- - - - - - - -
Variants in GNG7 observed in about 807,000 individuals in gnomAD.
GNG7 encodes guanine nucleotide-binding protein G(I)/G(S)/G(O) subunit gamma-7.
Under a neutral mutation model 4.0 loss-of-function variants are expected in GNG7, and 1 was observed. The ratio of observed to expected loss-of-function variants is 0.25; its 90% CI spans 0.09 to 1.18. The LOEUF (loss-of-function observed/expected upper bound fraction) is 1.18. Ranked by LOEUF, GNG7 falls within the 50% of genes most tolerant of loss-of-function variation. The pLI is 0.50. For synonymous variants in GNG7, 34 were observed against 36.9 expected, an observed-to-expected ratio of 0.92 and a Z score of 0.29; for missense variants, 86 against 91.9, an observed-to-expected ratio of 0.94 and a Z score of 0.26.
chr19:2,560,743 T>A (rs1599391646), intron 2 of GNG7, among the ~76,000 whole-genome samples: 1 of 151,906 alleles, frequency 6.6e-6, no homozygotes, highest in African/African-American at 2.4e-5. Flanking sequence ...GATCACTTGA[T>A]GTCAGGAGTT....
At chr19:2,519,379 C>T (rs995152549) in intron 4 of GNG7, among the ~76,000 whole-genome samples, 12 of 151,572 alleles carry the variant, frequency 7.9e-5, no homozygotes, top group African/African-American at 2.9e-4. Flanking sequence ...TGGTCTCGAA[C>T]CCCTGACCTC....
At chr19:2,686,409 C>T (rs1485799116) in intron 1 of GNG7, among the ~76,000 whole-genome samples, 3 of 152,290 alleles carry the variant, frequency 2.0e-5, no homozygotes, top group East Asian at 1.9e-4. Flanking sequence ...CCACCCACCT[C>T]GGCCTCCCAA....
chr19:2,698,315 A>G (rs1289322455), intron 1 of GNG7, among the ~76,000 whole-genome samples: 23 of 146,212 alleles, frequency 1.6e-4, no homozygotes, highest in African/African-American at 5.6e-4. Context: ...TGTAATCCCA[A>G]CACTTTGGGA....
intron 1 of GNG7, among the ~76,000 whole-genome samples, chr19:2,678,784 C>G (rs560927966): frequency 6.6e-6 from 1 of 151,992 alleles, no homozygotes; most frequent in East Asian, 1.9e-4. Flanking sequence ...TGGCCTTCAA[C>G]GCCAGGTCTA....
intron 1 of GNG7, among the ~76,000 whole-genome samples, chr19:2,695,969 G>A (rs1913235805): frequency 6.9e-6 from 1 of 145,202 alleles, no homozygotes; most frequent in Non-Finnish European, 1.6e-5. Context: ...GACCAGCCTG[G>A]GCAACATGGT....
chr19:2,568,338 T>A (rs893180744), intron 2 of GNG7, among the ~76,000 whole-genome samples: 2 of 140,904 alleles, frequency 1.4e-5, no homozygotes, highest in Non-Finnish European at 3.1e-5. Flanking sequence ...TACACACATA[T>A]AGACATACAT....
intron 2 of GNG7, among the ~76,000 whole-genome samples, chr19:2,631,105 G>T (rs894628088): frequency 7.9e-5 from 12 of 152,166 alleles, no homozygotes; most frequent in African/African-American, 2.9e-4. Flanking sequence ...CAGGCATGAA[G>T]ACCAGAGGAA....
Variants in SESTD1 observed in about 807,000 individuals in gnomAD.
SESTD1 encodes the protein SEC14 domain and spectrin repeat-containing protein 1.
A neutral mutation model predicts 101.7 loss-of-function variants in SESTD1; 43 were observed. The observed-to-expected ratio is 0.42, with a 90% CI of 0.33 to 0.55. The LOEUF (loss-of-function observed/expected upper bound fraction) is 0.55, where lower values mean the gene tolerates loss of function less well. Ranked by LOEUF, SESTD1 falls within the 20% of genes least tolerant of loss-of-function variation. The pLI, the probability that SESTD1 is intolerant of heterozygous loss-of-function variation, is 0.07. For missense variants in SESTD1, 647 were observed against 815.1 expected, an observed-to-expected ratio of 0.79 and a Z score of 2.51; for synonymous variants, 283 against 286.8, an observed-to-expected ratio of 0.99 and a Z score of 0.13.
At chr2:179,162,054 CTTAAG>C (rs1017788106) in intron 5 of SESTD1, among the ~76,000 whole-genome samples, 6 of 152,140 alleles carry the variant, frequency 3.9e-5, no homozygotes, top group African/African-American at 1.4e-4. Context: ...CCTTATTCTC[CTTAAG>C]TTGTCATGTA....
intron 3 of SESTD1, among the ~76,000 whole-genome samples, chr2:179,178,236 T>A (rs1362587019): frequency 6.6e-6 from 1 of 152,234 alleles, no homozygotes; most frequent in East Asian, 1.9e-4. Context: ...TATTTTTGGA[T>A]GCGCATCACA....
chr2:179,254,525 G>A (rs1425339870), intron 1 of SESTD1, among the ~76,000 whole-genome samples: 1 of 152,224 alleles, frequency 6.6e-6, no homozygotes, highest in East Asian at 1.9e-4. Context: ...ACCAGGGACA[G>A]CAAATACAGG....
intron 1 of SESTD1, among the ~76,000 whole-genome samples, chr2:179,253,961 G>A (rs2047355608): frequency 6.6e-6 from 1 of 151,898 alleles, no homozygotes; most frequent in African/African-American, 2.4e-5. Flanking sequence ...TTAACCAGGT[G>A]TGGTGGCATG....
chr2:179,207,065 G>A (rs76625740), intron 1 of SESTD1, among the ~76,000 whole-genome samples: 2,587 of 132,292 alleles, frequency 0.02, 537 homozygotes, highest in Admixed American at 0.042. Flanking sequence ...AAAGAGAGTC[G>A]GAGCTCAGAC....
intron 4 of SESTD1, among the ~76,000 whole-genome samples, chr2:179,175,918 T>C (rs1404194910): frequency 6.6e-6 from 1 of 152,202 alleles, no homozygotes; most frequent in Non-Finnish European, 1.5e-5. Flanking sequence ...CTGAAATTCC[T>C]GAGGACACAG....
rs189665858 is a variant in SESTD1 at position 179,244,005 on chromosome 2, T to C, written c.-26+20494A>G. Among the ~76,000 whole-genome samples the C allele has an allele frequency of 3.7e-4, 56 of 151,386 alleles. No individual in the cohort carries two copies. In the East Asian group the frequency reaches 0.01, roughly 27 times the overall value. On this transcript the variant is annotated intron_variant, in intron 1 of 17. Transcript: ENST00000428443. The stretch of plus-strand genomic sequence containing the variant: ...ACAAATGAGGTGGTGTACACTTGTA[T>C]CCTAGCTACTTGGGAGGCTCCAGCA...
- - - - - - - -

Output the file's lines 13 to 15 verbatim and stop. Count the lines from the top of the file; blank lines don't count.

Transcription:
SESTD1 encodes the protein SEC14 domain and spectrin repeat-containing protein 1.
A neutral mutation model predicts 101.7 loss-of-function variants in SESTD1; 43 were observed. The observed-to-expected ratio is 0.42, with a 90% CI of 0.33 to 0.55. The LOEUF (loss-of-function observed/expected upper bound fraction) is 0.55, where lower values mean the gene tolerates loss of function less well. Ranked by LOEUF, SESTD1 falls within the 20% of genes least tolerant of loss-of-function variation. The pLI, the probability that SESTD1 is intolerant of heterozygous loss-of-function variation, is 0.07. For missense variants in SESTD1, 647 were observed against 815.1 expected, an observed-to-expected ratio of 0.79 and a Z score of 2.51; for synonymous variants, 283 against 286.8, an observed-to-expected ratio of 0.99 and a Z score of 0.13.
At chr2:179,162,054 CTTAAG>C (rs1017788106) in intron 5 of SESTD1, among the ~76,000 whole-genome samples, 6 of 152,140 alleles carry the variant, frequency 3.9e-5, no homozygotes, top group African/African-American at 1.4e-4. Context: ...CCTTATTCTC[CTTAAG>C]TTGTCATGTA....